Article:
This Is a Blog: Kris and Adam Discuss AFI’s Top 100: The Deer Hunter

Tuesday, July 19, 2011

Kris and Adam Discuss AFI’s Top 100: The Deer Hunter

Kris Jenson, with whom I've had the best discussions of my life, is an old friend of mine from Boston. We had been talking about the American Film Institute's Top 100 when he got a job at Dig Boston, writing about just that. Instead of letting the conversation end just because he's a big, fancy writer now, I'm going to write responses to his articles. I can't keep up with his movie watching, so I'm only responding to the ones I've seen.

This movie probably illustrates the biggest divide between how Kris and I watch movies. As you can probably tell from Kris's writing, he cares deeply about a lot of very important issues. When I say care, I mean more than your average person on Facebook who posts a relevant status and feels like he's made a difference. Kris takes the time to research and learn about the causes about which he cares. The perspective that comes from all that seeps into his love of movies, especially those that were made specifically to make the public at large think about big issues, like the effect war has on the soldiers. For me, though, a film is a story first, and its issues and themes a distant second. That is why I think "The Deer Hunter" is one of the most boringest movies ever.

Okay, hopefully that got you to click on the "Keep Reading" dealy and get to the meat of this thing.

This movie suffers greatly from wanting so badly to be "The Godfather." Only Michael Cimino would look at "The Godfather's" grand opening wedding scene and think, "Man, you know what would make this giant exposition scene ever better? Making it much, much longer and more boring. Yeah, totes. Let's do that." Made six years after Coppola's classic and four years after its sequel, Cimino clearly had the Corleones in mind when he made this movie. The first two "Godfather" movies are so masterfully crafted that they defy any specific criticism. "The Deer Hunter" is a shallow emulation that is very much susceptible to the following:

The Wedding Scene: Like I said, trying to be like Connie Corleone's wedding, but doing it by making it longer and less intresting.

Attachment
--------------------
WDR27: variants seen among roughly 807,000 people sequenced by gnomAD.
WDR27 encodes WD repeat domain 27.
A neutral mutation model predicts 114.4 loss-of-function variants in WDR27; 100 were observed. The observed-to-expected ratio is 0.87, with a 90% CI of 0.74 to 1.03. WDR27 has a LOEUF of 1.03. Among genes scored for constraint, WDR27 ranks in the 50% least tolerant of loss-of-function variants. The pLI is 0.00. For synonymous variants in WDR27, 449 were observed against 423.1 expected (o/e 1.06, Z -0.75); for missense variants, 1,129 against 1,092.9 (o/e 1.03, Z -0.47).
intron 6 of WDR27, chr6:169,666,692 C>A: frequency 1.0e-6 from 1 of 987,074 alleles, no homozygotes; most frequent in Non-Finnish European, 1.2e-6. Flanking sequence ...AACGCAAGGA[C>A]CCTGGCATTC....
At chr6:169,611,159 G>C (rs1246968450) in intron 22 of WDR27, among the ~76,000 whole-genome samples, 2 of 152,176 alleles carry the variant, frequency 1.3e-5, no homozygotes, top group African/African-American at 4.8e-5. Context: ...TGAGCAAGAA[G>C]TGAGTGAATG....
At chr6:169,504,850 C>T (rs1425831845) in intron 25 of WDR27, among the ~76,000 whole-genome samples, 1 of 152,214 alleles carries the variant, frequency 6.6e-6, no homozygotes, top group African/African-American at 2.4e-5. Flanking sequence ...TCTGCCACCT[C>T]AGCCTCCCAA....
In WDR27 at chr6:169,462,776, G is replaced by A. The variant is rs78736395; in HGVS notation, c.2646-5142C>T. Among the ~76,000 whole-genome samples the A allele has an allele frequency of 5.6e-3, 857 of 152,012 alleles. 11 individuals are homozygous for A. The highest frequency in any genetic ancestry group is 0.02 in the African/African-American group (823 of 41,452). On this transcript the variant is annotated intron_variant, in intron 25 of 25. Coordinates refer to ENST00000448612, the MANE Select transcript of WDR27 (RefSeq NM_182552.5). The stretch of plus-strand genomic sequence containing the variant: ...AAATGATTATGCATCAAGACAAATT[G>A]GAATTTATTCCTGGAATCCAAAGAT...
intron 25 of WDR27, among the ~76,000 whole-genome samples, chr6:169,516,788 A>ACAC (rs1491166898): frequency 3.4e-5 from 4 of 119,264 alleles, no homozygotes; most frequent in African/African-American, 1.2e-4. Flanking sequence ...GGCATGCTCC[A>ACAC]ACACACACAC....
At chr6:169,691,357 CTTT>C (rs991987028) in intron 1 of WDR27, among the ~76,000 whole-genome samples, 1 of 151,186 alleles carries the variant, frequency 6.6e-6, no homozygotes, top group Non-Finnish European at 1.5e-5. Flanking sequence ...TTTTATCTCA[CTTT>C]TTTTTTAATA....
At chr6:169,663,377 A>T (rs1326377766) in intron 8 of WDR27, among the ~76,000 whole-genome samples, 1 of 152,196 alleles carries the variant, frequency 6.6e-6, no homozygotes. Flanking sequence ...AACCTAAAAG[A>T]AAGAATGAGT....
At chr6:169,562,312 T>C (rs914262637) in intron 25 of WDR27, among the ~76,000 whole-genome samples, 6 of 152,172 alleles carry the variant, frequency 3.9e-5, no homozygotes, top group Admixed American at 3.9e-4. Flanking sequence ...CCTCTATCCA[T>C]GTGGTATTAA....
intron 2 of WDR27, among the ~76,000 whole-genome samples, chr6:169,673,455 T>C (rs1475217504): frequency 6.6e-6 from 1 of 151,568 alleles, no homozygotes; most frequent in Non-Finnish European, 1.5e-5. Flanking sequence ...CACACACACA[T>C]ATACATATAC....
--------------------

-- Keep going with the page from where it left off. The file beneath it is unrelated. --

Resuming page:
The Length Overall: This movie, like a lot of war movies, could have been at least an hour shorter. I spent most of the movie wondering why the hell I was watching it. It's really not until the Russian Roulette scene that the threads start coming together. It's one thing to build up a plot. It's another thing for a plot to plod. "The Godfather" was also slow, long, and episodic, but each episode has a lot of innate tension that steadily builds toward the conclusion. The viewer often finds "The Godfather" boring yet never wonders why he's watching.

De Niro Does Not a Great Movie Make: Oh hey, "Godfather 2" had De Niro. We should have De Niro. Everyone loves De Niro. His presence is an odd balance, though. I think his talent was totally wasted here, but I also think no one else could have pulled off this role. On the AFI list alone, De Niro plays some of the most memorable and classic film roles of the '70s, maybe even all time: Young Vito Corelone, Jake LaMotta, and Travis Bickle. In "Deer Hunter," he's just a guy, a guy who does nothing special for about 2 hours, then does something heroic. It's like hiring Michelangelo to paint a landscape, sure it will be amazing, but Titian could have pulled it off.

I could go on, but I saw this movie a long time ago, so I won't. I will take the rest of this to discuss John Cazale. No wait, I'm going to write a supporting actors entry about him. Yeah, that's a much better idea. I'll do that.

So yeah, didn't really like "The Deer Hunter."

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